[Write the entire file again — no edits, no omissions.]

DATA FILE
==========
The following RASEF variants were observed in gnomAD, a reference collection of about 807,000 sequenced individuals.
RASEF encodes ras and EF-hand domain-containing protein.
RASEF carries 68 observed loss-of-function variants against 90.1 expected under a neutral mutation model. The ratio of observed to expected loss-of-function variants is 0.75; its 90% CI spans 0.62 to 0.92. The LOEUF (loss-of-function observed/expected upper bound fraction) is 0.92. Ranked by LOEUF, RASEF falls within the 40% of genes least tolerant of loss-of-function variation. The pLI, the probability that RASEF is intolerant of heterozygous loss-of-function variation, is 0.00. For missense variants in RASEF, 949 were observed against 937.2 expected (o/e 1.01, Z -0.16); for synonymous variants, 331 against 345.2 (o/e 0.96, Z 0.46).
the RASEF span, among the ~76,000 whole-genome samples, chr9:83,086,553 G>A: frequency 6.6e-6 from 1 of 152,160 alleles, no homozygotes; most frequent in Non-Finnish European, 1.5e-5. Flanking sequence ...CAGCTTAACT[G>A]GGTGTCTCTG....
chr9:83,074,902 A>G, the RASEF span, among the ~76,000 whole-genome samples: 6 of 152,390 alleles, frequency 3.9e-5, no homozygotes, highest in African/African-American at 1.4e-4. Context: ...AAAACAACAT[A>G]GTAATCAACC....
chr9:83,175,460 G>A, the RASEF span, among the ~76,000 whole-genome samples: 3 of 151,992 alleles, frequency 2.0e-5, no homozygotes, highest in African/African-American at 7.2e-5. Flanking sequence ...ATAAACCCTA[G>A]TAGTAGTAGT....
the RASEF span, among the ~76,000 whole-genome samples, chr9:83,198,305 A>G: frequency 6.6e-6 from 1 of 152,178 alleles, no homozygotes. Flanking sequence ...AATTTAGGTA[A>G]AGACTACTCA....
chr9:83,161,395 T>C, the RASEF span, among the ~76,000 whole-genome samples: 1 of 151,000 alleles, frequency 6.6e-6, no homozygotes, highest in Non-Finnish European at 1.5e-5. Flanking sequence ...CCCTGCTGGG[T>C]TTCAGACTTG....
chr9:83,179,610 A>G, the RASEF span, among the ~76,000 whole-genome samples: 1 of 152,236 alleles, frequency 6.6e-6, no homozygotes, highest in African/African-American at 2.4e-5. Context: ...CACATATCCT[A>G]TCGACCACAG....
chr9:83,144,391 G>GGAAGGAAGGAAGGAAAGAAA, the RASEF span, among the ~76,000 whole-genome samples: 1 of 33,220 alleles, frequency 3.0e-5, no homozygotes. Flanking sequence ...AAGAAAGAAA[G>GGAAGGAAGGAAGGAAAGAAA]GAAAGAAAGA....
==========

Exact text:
The following RASEF variants were observed in gnomAD, a reference collection of about 807,000 sequenced individuals.
RASEF encodes ras and EF-hand domain-containing protein.
RASEF carries 68 observed loss-of-function variants against 90.1 expected under a neutral mutation model. The ratio of observed to expected loss-of-function variants is 0.75; its 90% CI spans 0.62 to 0.92. The LOEUF (loss-of-function observed/expected upper bound fraction) is 0.92. Ranked by LOEUF, RASEF falls within the 40% of genes least tolerant of loss-of-function variation. The pLI, the probability that RASEF is intolerant of heterozygous loss-of-function variation, is 0.00. For missense variants in RASEF, 949 were observed against 937.2 expected (o/e 1.01, Z -0.16); for synonymous variants, 331 against 345.2 (o/e 0.96, Z 0.46).
the RASEF span, among the ~76,000 whole-genome samples, chr9:83,086,553 G>A: frequency 6.6e-6 from 1 of 152,160 alleles, no homozygotes; most frequent in Non-Finnish European, 1.5e-5. Flanking sequence ...CAGCTTAACT[G>A]GGTGTCTCTG....
chr9:83,074,902 A>G, the RASEF span, among the ~76,000 whole-genome samples: 6 of 152,390 alleles, frequency 3.9e-5, no homozygotes, highest in African/African-American at 1.4e-4. Context: ...AAAACAACAT[A>G]GTAATCAACC....
chr9:83,175,460 G>A, the RASEF span, among the ~76,000 whole-genome samples: 3 of 151,992 alleles, frequency 2.0e-5, no homozygotes, highest in African/African-American at 7.2e-5. Flanking sequence ...ATAAACCCTA[G>A]TAGTAGTAGT....
the RASEF span, among the ~76,000 whole-genome samples, chr9:83,198,305 A>G: frequency 6.6e-6 from 1 of 152,178 alleles, no homozygotes. Flanking sequence ...AATTTAGGTA[A>G]AGACTACTCA....
chr9:83,161,395 T>C, the RASEF span, among the ~76,000 whole-genome samples: 1 of 151,000 alleles, frequency 6.6e-6, no homozygotes, highest in Non-Finnish European at 1.5e-5. Flanking sequence ...CCCTGCTGGG[T>C]TTCAGACTTG....
chr9:83,179,610 A>G, the RASEF span, among the ~76,000 whole-genome samples: 1 of 152,236 alleles, frequency 6.6e-6, no homozygotes, highest in African/African-American at 2.4e-5. Context: ...CACATATCCT[A>G]TCGACCACAG....
chr9:83,144,391 G>GGAAGGAAGGAAGGAAAGAAA, the RASEF span, among the ~76,000 whole-genome samples: 1 of 33,220 alleles, frequency 3.0e-5, no homozygotes. Flanking sequence ...AAGAAAGAAA[G>GGAAGGAAGGAAGGAAAGAAA]GAAAGAAAGA....